Blog Post Sunday 20 May 2018
Moving house is stressful enough for humans, but it can be a frightening time for your pets. Dogs, cats, and other household pets can feel anxious and distressed as they don't understand why everything in their environment is changing and being moved. So, even as you're busy packing boxes and checking on the removalists, take time to give your pets a little extra attention and care. Follow these strategies to make a move with furry family members stress-free for you and your pet.
In the days before moving, maintain your pets' daily routines as much as possible. Feed, walk, and provide attention as you normally would. By maintaining your regular routine, you can minimise the disruption of your move.
Check in with your vet before your move and ensure your pet is up to date with his or her shots, deworming, and other health checks. If your pet is prone to anxiety, ask your vet about prescribing pheromone therapy or even anti-anxiety medication to help with the move. If you're moving far away and it'll be your last appointment with your current vet, make sure you get a copy of your pet's medical history. Otitis Externa, various skin conditions and arthritis are the most common injuries suffered by pets in Australia, so identify a suitable vet in your new area as soon as possible.
It might be a good idea to board your pet or have a friend look after your pet during the move. If your pet is staying with you during the move, assign a room for your pet and create a safe sanctuary for him or her. Provide your pet with their usual bed, toys, and other comforts. Keep the door locked and secure the room to eliminate the risk of escape and injury. Moving day can be a hectic time, so you'll want to make sure your pet is kept away from the frenetic activity.
Pack your pet's items at the last minute so your dog or cat can have the comfort of their bed and toys during the move. Avoid washing bedding for a week or two after your move so your dog or cat can have the comfort of something familiar smelling at your new home.
If you're moving to somewhere nearby, take your dog or cat for visits in the days before your move and give them a chance to get used to your new home. Scheduling pre-move visits can make the actual moving day, when they say goodbye to their old territory, less disruptive for your pet.
If you're moving far away, you'll want to take extra steps to ensure your pet is comfortable during the move. Prepare food, water, treats, and toys and other comfort items for the journey. If your dog or cat will be flying, make sure he or she wears a collar with a detailed tag. Check with your vet for advice on preventing travel sickness.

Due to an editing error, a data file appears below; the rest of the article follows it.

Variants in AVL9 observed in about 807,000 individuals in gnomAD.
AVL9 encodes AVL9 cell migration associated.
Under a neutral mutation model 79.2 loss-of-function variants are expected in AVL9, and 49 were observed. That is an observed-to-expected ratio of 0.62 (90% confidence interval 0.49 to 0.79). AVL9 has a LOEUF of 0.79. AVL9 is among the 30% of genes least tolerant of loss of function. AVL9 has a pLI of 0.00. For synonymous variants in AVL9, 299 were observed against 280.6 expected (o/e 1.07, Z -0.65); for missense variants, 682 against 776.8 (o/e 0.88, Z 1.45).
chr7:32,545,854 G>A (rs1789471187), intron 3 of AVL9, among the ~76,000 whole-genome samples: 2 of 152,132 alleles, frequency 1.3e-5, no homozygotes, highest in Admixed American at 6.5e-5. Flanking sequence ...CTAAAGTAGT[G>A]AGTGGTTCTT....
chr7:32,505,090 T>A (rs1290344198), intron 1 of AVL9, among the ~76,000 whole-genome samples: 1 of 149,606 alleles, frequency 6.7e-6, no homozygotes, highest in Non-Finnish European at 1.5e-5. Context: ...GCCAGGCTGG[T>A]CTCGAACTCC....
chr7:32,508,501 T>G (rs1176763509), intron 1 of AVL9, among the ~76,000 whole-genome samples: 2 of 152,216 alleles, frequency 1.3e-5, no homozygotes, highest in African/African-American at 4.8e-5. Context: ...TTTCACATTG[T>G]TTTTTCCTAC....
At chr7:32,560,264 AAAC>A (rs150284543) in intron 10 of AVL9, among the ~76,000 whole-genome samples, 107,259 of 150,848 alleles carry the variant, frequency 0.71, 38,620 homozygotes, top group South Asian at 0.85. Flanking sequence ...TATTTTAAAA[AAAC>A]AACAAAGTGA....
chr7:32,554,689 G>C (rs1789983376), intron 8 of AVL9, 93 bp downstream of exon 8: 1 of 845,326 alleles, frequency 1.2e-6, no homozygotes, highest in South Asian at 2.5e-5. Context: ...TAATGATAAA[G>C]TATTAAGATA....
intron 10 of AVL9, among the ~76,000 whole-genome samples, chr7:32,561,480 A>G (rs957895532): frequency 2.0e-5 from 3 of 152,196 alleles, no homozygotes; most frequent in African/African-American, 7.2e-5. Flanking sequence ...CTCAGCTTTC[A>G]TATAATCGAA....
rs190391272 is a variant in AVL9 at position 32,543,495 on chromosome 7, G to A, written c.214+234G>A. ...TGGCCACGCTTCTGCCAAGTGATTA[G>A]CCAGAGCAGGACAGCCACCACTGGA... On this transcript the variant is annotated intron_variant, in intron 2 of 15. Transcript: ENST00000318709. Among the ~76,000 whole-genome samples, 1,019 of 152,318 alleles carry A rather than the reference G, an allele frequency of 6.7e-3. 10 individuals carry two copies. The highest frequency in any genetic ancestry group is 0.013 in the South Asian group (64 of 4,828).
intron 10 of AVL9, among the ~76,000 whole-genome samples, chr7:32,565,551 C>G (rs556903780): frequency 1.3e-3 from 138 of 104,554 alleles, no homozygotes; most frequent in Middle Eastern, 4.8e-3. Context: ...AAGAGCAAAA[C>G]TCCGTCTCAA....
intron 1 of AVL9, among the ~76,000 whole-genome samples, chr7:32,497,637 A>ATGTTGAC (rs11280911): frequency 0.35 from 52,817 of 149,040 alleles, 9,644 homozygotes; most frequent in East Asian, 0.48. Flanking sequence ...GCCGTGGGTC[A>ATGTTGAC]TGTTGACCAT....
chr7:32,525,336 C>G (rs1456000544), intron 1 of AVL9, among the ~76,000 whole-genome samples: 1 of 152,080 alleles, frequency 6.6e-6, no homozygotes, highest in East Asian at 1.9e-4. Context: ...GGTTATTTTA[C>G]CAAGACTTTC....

Once you're at your new place, unpack your pet's things so he or she has the comfort of bedding and toys. Set out their food and water bowls as soon as possible. The familiar smells of their items can assist your pet settle into their new home quickly.
Check the fencing and outdoor gates to ensure these are secure enough to keep your pet from running off the property. Review the garden and check for things like glass, old snail pellets, and other potential hazards. Remove any chewable items left on the property, such as old bones and plastic toys, as these can be choking hazards.
After the move, give your pets the right amount of attention to help them adjust more quickly. Avoid making a fuss of your dog or cat since they can interpret this in the wrong way and worry unnecessarily. Spend time with your pet as you normally do without making a fuss, and they’ll be able to adjust more quickly to spending part of the day alone at the new home without pining for your return.
Give your dog or cat plenty of time to get used to the new place. Barking, digging, and other destructive behaviours could be a sign of stress from the move, so be patient and comfort your pet instead of punishing them for problematic behaviour. Similarly, stay with your usual daily routines when it comes to feeding, walking, and playing with your pets. Take your dog for plenty of walks and give them a chance to get used to the new neighbourhood. Avoid leaving your pets home alone for the first few days after your move.
Your new home is also your pet's new home, so be patient and give your dog, cat, or other furry family member time to adjust to the move. Keep in mind animals can find moving as stressful if not more so than humans. Plan the move with your animal companion's need in mind so as to minimise their stress. Above all, pay attention to your dog or cat so you can address their needs and provide comfort if they need it. By planning your move and staying aware of your pet's needs, you can reduce anxiety and stress for your pet.
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